Home India News Himachal ready for another massive plantation drive

Himachal ready for another massive plantation drive


Shimla : Buoyed by the successful massive plantation drive last year, Himachal Pradesh is now ready for another community-driven plantation scheme that will not only boost its depleting green cover but also see the hill state become rich in herbal plants.

People across the state planted more than 1.5 million saplings on a single day Aug 3 last year under the programme called “Jan Jan Sanjivani”. This year the government plans to plant over 10 million saplings of medicinal species by involving the people in two plantation schemes – “Sanjha Van, Sanjeevni Van” and “Apna Van, Apna Dhan”.

“Our aim this time is not only to involve more and more people in plantation drives but also to ensure the survival rate of the saplings. The aim of the drives is to make the hill state herbal,” state Forest Minister J.P. Nadda told IANS Monday.

“We have launched two community-driven schemes. Under the “Sanjha Van, Sanjeevni Van” scheme, locals will be involved in planting saplings in forest areas, while under the second programme “Apna Van, Apna Dhan”, plantation will be done only on private-owned barren land,” he said.

Saplings of more than 50 indigenous species like neem, banyan, jamun and peepal would be planted during the special drives around the year in all 12 districts of the state.

According to Nadda, over 1 crore (10 million) herbal saplings would be distributed among the locals through government-monitored 525 joint forest management committees (JFMCs).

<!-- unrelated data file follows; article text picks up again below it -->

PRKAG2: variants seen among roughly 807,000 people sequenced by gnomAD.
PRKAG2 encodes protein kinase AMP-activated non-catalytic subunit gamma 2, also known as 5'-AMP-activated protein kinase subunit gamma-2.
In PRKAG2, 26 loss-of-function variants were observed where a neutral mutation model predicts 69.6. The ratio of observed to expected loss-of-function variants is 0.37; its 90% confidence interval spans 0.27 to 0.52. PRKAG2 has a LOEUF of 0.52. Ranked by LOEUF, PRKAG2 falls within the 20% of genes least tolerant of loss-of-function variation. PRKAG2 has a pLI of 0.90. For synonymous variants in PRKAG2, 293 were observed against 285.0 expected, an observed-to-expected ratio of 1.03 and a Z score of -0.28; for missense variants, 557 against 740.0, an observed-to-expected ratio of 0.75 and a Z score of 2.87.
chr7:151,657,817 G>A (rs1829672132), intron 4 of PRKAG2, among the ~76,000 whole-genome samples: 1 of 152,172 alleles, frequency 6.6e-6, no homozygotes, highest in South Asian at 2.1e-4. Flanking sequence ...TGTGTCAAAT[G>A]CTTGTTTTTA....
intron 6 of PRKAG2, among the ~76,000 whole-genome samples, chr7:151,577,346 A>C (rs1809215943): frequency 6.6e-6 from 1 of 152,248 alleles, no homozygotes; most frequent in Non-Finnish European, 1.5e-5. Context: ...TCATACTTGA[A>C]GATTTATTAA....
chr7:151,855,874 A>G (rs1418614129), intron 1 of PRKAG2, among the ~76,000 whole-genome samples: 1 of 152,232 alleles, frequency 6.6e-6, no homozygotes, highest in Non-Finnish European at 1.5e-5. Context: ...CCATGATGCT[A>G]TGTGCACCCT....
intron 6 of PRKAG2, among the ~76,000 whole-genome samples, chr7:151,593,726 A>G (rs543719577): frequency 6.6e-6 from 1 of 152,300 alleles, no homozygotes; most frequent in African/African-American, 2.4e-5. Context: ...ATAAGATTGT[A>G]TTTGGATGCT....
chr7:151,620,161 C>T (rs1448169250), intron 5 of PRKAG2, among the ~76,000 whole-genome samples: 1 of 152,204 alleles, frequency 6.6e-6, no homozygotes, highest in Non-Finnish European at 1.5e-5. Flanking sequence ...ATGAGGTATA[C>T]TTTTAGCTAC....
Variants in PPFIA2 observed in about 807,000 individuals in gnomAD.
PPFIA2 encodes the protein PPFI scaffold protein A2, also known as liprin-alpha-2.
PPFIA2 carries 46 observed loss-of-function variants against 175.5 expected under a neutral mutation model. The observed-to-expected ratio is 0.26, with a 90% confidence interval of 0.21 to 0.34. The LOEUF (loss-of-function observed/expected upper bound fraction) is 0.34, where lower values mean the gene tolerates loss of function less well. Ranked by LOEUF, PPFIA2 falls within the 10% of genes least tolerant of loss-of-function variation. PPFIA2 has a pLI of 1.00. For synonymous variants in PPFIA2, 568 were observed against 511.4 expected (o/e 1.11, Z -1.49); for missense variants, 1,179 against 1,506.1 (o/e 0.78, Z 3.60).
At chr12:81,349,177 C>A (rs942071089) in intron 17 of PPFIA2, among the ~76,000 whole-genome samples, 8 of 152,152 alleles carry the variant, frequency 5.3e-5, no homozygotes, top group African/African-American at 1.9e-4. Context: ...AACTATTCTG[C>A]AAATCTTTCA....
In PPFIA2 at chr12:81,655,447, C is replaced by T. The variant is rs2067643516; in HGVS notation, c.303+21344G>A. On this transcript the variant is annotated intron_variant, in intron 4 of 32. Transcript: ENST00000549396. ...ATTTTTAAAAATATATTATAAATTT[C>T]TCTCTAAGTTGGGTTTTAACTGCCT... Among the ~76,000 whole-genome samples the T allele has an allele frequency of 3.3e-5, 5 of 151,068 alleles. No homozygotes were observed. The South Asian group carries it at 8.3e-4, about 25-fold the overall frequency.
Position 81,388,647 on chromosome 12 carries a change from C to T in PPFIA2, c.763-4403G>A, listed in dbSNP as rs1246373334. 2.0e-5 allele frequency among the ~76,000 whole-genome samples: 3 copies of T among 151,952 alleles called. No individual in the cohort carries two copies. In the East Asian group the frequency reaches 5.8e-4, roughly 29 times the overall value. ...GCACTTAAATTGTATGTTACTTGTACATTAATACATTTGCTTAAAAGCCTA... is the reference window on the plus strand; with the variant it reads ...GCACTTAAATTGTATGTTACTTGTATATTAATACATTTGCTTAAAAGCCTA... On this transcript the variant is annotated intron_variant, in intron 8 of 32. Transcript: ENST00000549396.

“The JFMCs will be responsible for planting and taking care of the saplings in forest land. However, on private lands, the land owners are responsible for planting and nurturing the saplings that will be provided free of cost by the forest department,” the minister added.

These schemes would ensure 100 percent participation of the locals in raising new herbal forests, he said. “We intend to re-green 2,500 hectares of forest land this year.”

Additional Chief Secretary Avay Shukla, who is associated with the programme, said the aim of such programmes was to motivate the common man to know the importance of commercially valuable species. He said peepal and banyan trees, whose numbers have declined massively over the recent years, would be planted in 3,057 villages under the plantation drive.

The state already has a quarter of its geographical area under forest cover.

The hill state is most vulnerable to climate change as the Himalayan glaciers have been retreating due to global warming.

As per the forests department, Himachal Pradesh has 37,033 sq km forest area out of which 1,896 sq km is reserve forest.

The lush green valleys and snow-capped mountains of the state are home to 36 percent of the country’s species of birds. Of the 1,228 species that have been reported in India, 447 have been recorded in this state alone.

Similarly, 77 species of mammals have been recorded by the Himachal State Council for Science, Technology and Environment in its biodiversity report.